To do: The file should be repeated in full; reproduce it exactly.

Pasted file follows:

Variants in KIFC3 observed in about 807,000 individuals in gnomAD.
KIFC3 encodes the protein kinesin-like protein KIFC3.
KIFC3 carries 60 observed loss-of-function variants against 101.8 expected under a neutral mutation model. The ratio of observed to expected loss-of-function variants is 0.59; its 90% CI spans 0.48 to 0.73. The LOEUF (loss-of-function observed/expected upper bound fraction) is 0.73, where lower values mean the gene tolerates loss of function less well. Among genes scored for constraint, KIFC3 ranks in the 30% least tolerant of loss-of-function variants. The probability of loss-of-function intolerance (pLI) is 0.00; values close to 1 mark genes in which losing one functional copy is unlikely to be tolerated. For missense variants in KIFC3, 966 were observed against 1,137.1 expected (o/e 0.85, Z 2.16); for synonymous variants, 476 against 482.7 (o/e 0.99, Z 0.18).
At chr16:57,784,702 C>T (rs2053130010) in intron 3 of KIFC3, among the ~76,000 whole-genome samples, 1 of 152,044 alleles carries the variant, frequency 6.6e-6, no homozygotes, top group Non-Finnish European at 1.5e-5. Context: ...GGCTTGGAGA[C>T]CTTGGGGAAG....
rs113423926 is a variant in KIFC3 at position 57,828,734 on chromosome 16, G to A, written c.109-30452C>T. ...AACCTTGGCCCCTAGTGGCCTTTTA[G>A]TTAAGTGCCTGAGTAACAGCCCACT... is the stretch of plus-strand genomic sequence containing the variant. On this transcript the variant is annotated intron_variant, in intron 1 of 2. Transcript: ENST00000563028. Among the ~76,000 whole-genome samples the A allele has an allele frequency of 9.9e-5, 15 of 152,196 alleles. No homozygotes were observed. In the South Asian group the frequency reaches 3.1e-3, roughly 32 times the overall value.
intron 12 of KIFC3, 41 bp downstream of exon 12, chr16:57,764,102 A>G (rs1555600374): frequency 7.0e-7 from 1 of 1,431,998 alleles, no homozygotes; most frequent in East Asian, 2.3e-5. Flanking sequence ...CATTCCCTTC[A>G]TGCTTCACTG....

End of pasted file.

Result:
Variants in KIFC3 observed in about 807,000 individuals in gnomAD.
KIFC3 encodes the protein kinesin-like protein KIFC3.
KIFC3 carries 60 observed loss-of-function variants against 101.8 expected under a neutral mutation model. The ratio of observed to expected loss-of-function variants is 0.59; its 90% CI spans 0.48 to 0.73. The LOEUF (loss-of-function observed/expected upper bound fraction) is 0.73, where lower values mean the gene tolerates loss of function less well. Among genes scored for constraint, KIFC3 ranks in the 30% least tolerant of loss-of-function variants. The probability of loss-of-function intolerance (pLI) is 0.00; values close to 1 mark genes in which losing one functional copy is unlikely to be tolerated. For missense variants in KIFC3, 966 were observed against 1,137.1 expected (o/e 0.85, Z 2.16); for synonymous variants, 476 against 482.7 (o/e 0.99, Z 0.18).
At chr16:57,784,702 C>T (rs2053130010) in intron 3 of KIFC3, among the ~76,000 whole-genome samples, 1 of 152,044 alleles carries the variant, frequency 6.6e-6, no homozygotes, top group Non-Finnish European at 1.5e-5. Context: ...GGCTTGGAGA[C>T]CTTGGGGAAG....
rs113423926 is a variant in KIFC3 at position 57,828,734 on chromosome 16, G to A, written c.109-30452C>T. ...AACCTTGGCCCCTAGTGGCCTTTTA[G>A]TTAAGTGCCTGAGTAACAGCCCACT... is the stretch of plus-strand genomic sequence containing the variant. On this transcript the variant is annotated intron_variant, in intron 1 of 2. Transcript: ENST00000563028. Among the ~76,000 whole-genome samples the A allele has an allele frequency of 9.9e-5, 15 of 152,196 alleles. No homozygotes were observed. In the South Asian group the frequency reaches 3.1e-3, roughly 32 times the overall value.
intron 12 of KIFC3, 41 bp downstream of exon 12, chr16:57,764,102 A>G (rs1555600374): frequency 7.0e-7 from 1 of 1,431,998 alleles, no homozygotes; most frequent in East Asian, 2.3e-5. Flanking sequence ...CATTCCCTTC[A>G]TGCTTCACTG....